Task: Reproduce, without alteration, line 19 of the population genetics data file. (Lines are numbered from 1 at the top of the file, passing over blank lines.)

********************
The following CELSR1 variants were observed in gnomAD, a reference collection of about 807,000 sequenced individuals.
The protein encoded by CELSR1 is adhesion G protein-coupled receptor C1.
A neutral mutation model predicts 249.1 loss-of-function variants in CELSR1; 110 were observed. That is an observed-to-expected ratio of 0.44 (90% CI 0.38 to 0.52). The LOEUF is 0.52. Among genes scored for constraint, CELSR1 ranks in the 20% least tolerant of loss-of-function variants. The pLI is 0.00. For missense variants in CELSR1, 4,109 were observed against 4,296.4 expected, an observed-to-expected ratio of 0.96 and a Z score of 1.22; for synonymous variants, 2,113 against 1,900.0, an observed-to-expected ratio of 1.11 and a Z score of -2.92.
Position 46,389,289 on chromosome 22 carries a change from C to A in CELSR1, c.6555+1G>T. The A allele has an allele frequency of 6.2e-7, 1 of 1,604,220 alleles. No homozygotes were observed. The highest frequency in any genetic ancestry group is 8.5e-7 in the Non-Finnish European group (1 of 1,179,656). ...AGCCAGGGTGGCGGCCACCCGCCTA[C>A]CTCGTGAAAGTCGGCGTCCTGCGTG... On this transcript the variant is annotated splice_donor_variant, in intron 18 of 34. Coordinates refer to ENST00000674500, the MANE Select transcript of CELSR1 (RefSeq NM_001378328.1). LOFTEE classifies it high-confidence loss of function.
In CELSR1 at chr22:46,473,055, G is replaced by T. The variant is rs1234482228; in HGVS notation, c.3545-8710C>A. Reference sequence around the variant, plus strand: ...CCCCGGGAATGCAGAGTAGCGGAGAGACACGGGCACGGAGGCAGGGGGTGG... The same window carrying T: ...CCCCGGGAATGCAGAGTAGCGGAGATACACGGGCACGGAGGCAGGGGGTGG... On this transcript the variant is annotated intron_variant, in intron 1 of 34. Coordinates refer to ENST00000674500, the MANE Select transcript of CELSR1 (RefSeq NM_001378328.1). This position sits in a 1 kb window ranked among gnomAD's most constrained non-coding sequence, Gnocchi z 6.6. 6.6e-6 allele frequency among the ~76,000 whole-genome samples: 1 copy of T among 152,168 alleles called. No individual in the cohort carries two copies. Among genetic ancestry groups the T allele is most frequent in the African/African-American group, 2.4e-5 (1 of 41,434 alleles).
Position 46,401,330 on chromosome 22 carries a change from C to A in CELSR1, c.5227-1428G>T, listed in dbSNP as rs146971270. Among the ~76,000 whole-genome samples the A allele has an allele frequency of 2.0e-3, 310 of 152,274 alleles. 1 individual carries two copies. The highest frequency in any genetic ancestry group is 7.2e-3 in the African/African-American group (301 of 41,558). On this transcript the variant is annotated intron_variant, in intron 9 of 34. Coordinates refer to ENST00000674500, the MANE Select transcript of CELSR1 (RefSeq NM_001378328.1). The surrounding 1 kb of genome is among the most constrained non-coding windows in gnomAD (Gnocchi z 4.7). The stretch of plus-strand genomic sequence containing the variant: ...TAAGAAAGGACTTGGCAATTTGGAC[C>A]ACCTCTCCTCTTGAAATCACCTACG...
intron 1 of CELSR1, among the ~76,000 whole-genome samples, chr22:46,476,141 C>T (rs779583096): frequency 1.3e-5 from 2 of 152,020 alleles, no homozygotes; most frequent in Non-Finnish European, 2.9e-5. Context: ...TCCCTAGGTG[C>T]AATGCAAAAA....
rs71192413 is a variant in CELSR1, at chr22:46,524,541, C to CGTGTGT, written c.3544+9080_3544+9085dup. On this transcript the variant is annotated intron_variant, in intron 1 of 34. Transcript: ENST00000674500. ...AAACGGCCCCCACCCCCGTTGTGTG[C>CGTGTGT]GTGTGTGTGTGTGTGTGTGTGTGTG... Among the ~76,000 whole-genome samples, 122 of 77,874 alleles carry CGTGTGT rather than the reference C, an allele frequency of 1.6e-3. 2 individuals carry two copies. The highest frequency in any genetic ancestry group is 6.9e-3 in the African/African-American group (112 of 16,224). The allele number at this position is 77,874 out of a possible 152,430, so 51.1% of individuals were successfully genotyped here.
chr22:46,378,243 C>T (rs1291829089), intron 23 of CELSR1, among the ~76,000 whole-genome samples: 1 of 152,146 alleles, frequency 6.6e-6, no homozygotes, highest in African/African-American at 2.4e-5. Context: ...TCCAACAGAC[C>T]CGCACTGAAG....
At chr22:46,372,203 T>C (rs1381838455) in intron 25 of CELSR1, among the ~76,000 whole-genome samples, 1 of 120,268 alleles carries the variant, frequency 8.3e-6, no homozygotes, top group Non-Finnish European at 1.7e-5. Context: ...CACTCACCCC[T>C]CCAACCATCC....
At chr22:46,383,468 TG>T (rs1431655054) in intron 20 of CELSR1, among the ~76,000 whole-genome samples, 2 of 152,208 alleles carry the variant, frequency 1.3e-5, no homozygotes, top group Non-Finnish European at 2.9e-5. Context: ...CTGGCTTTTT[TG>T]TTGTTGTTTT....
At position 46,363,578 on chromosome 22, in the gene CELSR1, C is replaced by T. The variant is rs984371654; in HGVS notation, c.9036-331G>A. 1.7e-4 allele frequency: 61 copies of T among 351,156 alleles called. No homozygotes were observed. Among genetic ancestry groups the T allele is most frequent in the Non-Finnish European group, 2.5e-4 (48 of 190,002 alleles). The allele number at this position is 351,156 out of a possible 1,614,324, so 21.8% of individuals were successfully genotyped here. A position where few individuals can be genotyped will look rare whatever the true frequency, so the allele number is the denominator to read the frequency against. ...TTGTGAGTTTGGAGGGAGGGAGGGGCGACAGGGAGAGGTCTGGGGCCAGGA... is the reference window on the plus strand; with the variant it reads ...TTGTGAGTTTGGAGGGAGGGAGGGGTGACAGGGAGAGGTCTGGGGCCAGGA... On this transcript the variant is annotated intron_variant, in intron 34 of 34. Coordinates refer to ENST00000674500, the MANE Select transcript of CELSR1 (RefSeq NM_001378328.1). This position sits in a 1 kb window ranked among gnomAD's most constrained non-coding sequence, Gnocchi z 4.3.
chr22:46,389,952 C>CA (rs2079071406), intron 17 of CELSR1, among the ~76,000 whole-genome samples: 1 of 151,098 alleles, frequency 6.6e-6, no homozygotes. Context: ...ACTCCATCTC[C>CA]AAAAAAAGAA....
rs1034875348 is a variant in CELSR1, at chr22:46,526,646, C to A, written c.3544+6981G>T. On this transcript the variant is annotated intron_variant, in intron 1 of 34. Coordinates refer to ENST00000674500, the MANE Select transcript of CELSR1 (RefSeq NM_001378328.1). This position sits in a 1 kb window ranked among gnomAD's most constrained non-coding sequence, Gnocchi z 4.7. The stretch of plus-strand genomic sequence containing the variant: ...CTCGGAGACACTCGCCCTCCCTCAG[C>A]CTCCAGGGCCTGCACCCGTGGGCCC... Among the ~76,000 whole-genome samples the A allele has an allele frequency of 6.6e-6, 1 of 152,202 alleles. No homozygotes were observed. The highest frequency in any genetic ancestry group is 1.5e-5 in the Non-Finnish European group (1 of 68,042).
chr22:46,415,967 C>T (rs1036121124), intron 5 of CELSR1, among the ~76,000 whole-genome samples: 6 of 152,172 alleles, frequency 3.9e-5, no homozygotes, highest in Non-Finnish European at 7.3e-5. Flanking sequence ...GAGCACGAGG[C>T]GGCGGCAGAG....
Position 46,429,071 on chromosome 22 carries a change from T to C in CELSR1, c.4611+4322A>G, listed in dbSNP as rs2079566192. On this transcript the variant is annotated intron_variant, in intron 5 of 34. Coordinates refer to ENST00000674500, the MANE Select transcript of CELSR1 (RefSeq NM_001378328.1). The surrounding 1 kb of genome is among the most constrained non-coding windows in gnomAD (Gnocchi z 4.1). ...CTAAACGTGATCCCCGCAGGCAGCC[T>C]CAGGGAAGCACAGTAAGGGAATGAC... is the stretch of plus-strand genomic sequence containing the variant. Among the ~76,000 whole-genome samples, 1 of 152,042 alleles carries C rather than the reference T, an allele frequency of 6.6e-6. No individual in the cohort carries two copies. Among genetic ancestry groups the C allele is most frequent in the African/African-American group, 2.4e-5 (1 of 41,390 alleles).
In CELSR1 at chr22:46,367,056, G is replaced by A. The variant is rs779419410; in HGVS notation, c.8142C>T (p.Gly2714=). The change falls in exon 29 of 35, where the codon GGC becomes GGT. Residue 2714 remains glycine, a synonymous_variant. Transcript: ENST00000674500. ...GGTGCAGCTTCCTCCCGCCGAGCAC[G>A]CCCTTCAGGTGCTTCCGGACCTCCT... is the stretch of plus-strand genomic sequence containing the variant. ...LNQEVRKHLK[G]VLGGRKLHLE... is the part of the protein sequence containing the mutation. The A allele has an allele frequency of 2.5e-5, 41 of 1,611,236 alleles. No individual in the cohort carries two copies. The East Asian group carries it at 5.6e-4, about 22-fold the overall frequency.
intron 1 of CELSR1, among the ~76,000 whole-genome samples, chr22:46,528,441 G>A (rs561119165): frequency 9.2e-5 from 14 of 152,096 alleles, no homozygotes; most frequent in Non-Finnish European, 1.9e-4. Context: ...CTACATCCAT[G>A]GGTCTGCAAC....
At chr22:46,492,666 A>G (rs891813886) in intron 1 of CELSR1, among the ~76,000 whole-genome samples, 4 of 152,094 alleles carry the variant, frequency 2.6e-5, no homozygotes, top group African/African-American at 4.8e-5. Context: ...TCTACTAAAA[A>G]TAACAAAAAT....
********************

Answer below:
At chr22:46,492,666 A>G (rs891813886) in intron 1 of CELSR1, among the ~76,000 whole-genome samples, 4 of 152,094 alleles carry the variant, frequency 2.6e-5, no homozygotes, top group African/African-American at 4.8e-5. Context: ...TCTACTAAAA[A>G]TAACAAAAAT....